Advice Columns: Scams

Thursday 20th August

As part of the Citizens Advice Exeter and The Express and Echo advice column this week we focus on how to avoid scams.

 In more normal times I do a lot to help my elderly mum, like picking up shopping, sorting out her finances, making important calls and organising her post. But unfortunately with restrictions in place I’ve not been able to see her as frequently, and though I’ve still been able to drop off her shopping, I’m no longer able to help her with the other things. I’m particularly worried about how much I’ve read about scammers at the moment, and I wondered whether there’s anything I can do from a distance to help protect my mum?

 There are a few steps you can take from a distance to keep your mother safe and lessen your need to worry.

With your mother’s permission you can register her landline with the Telephone Preference Service. It’s free to register and doing so will reduce the amount of unwanted sales and marketing calls you receive. This won’t block all unwanted calls (it won’t work on calls from abroad or companies she’s given her number to already, for example), so your mother will need to continue to remain vigilant, but it’ll certainly reduce the number of them.

You can encourage your mother to talk to her phone provider to see what privacy services and call-blocking services are available. These services aren’t always free but are useful in ensuring any call coming through is from a trusted or known source.

In terms of unwanted post, with your mother’s permission you can contact the Mailing Preference Service to have her name taken off of any marketing lists. You can also contact Royal Mail and opt out of receiving any leaflets or unaddressed promotional material. Attaching a ‘no junk mail’ sign to her front door may also help with this.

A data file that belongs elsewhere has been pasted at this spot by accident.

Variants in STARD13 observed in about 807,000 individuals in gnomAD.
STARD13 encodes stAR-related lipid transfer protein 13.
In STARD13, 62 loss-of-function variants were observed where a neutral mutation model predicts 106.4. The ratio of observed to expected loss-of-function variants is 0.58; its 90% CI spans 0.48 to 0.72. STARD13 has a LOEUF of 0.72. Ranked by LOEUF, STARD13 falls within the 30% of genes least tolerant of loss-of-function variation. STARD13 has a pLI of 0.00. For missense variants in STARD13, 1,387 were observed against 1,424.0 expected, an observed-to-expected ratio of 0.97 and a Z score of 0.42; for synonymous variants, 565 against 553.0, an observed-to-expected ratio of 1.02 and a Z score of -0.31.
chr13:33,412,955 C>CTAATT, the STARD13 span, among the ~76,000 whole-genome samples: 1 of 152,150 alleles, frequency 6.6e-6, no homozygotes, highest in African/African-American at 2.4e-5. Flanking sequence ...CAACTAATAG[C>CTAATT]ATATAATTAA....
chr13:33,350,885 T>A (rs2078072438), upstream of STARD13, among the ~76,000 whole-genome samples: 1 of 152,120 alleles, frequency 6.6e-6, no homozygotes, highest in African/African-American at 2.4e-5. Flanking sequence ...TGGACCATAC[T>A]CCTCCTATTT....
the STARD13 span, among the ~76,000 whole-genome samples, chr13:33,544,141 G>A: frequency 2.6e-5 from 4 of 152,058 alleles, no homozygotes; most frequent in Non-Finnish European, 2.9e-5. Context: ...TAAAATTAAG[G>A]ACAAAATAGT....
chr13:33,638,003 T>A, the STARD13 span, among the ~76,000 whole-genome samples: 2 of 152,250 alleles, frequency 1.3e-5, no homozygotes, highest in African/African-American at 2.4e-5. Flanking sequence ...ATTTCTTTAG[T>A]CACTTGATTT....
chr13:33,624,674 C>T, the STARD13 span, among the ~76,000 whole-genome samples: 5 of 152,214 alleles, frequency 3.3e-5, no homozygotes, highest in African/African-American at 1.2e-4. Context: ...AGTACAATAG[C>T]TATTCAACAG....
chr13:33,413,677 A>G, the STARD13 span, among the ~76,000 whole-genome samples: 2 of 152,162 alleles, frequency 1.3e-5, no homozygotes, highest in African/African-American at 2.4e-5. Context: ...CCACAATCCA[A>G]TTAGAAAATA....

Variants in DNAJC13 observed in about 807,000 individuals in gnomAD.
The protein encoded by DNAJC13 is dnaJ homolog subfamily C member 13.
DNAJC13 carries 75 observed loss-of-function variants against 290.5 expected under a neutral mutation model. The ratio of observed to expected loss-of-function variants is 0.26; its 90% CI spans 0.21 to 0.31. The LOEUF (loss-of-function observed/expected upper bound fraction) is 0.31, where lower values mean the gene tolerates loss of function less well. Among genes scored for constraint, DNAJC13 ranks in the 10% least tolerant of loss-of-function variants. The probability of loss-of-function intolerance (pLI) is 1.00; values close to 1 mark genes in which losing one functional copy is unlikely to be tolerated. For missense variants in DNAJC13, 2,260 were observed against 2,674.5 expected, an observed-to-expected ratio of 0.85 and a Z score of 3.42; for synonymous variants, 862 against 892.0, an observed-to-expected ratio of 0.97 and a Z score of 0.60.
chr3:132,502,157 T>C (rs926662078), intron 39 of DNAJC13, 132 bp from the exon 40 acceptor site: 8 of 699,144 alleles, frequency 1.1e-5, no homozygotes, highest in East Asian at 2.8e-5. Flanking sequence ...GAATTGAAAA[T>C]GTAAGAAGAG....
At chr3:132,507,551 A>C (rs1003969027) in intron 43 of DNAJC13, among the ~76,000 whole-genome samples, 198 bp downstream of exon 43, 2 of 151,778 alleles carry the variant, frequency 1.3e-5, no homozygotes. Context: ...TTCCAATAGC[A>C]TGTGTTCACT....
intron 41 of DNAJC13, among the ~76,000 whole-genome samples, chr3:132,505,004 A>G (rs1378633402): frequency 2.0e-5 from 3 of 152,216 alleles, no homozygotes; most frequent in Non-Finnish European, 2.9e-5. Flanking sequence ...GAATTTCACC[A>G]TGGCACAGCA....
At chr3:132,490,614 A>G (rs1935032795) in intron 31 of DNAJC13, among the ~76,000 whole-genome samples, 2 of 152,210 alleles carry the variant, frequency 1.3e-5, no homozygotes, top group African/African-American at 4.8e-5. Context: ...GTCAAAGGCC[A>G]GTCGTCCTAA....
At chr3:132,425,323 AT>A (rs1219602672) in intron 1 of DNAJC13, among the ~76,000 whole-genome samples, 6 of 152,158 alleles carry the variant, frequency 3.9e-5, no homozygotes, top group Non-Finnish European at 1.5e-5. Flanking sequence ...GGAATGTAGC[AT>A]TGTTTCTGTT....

When it comes to your mother’s finances, if you supply an organisation with a letter of authority from the account holder, this may allow you speak to them on her behalf. This may not always be accepted, so if you find yourself needing to take over your mother’s finances in the future, it’s worth looking into a long term solution like a Power of Attorney.

It’s also vital that you chat to your mother to help her spot the marks of a scam herself. We advise the following steps for scam awareness:

  1. Be suspicious if you’re contacted out of the blue, even if it’s from a name you recognise
  2. If it sounds too good to be true it probably is
  3. Never give out your bank details unless you are certain you can trust the person contacting you
  4. Don’t be rushed – you never need to make a decision straight away and if you feel pressured say “no”, hang up the phone, or close the door.

Lastly, if your mother is receiving care from her local authority and you think she might be being scammed, it’s worth reporting your concerns to their Adult Safeguarding team.

Further advice and information is available from

Look out for our column next week when we focus on the Universal Credit claimant commitment.

 The information contained in these articles does not constitute advice. Citizens Advice Exeter and The Express and Echo accept no liability for the information published. Citizens Advice Exeter is unable to respond to individual requests for advice through these columns. Copyright Citizens Advice. For the most up-to-date information, please visit